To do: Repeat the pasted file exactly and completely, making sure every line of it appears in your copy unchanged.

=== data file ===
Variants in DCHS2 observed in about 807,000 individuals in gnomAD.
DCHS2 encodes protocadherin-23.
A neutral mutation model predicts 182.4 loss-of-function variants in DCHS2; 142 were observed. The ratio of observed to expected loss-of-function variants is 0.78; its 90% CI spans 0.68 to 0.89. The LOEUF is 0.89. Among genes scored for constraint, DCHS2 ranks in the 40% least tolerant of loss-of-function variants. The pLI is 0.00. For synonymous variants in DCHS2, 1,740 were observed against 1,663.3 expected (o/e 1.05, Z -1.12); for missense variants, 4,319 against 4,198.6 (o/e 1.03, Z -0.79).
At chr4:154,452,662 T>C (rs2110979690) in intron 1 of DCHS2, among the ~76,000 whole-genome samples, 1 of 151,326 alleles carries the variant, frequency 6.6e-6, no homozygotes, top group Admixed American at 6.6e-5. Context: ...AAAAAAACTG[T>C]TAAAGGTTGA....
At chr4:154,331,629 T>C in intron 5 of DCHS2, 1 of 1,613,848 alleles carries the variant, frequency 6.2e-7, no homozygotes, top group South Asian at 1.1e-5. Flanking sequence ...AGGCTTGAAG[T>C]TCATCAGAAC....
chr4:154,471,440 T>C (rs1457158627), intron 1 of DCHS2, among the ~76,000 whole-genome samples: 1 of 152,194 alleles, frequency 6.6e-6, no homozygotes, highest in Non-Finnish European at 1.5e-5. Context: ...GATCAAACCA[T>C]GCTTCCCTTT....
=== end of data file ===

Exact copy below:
Variants in DCHS2 observed in about 807,000 individuals in gnomAD.
DCHS2 encodes protocadherin-23.
A neutral mutation model predicts 182.4 loss-of-function variants in DCHS2; 142 were observed. The ratio of observed to expected loss-of-function variants is 0.78; its 90% CI spans 0.68 to 0.89. The LOEUF is 0.89. Among genes scored for constraint, DCHS2 ranks in the 40% least tolerant of loss-of-function variants. The pLI is 0.00. For synonymous variants in DCHS2, 1,740 were observed against 1,663.3 expected (o/e 1.05, Z -1.12); for missense variants, 4,319 against 4,198.6 (o/e 1.03, Z -0.79).
At chr4:154,452,662 T>C (rs2110979690) in intron 1 of DCHS2, among the ~76,000 whole-genome samples, 1 of 151,326 alleles carries the variant, frequency 6.6e-6, no homozygotes, top group Admixed American at 6.6e-5. Context: ...AAAAAAACTG[T>C]TAAAGGTTGA....
At chr4:154,331,629 T>C in intron 5 of DCHS2, 1 of 1,613,848 alleles carries the variant, frequency 6.2e-7, no homozygotes, top group South Asian at 1.1e-5. Flanking sequence ...AGGCTTGAAG[T>C]TCATCAGAAC....
chr4:154,471,440 T>C (rs1457158627), intron 1 of DCHS2, among the ~76,000 whole-genome samples: 1 of 152,194 alleles, frequency 6.6e-6, no homozygotes, highest in Non-Finnish European at 1.5e-5. Context: ...GATCAAACCA[T>C]GCTTCCCTTT....